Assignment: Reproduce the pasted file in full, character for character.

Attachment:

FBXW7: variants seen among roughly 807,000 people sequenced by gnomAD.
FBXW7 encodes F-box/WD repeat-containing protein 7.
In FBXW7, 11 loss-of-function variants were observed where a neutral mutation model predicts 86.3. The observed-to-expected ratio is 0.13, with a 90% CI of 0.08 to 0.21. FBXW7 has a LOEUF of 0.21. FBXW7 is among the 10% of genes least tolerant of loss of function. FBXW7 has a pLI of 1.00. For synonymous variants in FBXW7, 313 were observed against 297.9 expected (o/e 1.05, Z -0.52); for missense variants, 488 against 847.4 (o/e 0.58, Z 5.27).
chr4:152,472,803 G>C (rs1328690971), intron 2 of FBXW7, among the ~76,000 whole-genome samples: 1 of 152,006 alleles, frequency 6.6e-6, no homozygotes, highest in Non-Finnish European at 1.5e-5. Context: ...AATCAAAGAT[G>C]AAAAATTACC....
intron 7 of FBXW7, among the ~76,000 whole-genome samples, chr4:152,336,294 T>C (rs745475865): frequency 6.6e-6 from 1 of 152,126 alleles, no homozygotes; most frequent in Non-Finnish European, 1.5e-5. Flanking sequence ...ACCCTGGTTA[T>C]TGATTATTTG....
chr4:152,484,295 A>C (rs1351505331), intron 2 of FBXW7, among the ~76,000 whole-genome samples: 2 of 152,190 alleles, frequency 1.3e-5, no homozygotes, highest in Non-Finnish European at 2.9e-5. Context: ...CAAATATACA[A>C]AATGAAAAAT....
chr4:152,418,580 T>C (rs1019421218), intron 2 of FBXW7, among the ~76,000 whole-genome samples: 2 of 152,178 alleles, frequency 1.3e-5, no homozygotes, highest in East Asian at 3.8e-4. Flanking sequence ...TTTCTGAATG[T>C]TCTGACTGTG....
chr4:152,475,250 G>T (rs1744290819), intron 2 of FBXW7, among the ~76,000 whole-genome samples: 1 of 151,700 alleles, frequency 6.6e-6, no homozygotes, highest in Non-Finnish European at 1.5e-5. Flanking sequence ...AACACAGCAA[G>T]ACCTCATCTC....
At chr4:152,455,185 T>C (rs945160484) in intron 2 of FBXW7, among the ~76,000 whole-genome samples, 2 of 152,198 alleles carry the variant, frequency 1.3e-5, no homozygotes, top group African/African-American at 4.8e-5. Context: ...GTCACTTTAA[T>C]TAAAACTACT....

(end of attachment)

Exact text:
FBXW7: variants seen among roughly 807,000 people sequenced by gnomAD.
FBXW7 encodes F-box/WD repeat-containing protein 7.
In FBXW7, 11 loss-of-function variants were observed where a neutral mutation model predicts 86.3. The observed-to-expected ratio is 0.13, with a 90% CI of 0.08 to 0.21. FBXW7 has a LOEUF of 0.21. FBXW7 is among the 10% of genes least tolerant of loss of function. FBXW7 has a pLI of 1.00. For synonymous variants in FBXW7, 313 were observed against 297.9 expected (o/e 1.05, Z -0.52); for missense variants, 488 against 847.4 (o/e 0.58, Z 5.27).
chr4:152,472,803 G>C (rs1328690971), intron 2 of FBXW7, among the ~76,000 whole-genome samples: 1 of 152,006 alleles, frequency 6.6e-6, no homozygotes, highest in Non-Finnish European at 1.5e-5. Context: ...AATCAAAGAT[G>C]AAAAATTACC....
intron 7 of FBXW7, among the ~76,000 whole-genome samples, chr4:152,336,294 T>C (rs745475865): frequency 6.6e-6 from 1 of 152,126 alleles, no homozygotes; most frequent in Non-Finnish European, 1.5e-5. Flanking sequence ...ACCCTGGTTA[T>C]TGATTATTTG....
chr4:152,484,295 A>C (rs1351505331), intron 2 of FBXW7, among the ~76,000 whole-genome samples: 2 of 152,190 alleles, frequency 1.3e-5, no homozygotes, highest in Non-Finnish European at 2.9e-5. Context: ...CAAATATACA[A>C]AATGAAAAAT....
chr4:152,418,580 T>C (rs1019421218), intron 2 of FBXW7, among the ~76,000 whole-genome samples: 2 of 152,178 alleles, frequency 1.3e-5, no homozygotes, highest in East Asian at 3.8e-4. Flanking sequence ...TTTCTGAATG[T>C]TCTGACTGTG....
chr4:152,475,250 G>T (rs1744290819), intron 2 of FBXW7, among the ~76,000 whole-genome samples: 1 of 151,700 alleles, frequency 6.6e-6, no homozygotes, highest in Non-Finnish European at 1.5e-5. Flanking sequence ...AACACAGCAA[G>T]ACCTCATCTC....
At chr4:152,455,185 T>C (rs945160484) in intron 2 of FBXW7, among the ~76,000 whole-genome samples, 2 of 152,198 alleles carry the variant, frequency 1.3e-5, no homozygotes, top group African/African-American at 4.8e-5. Context: ...GTCACTTTAA[T>C]TAAAACTACT....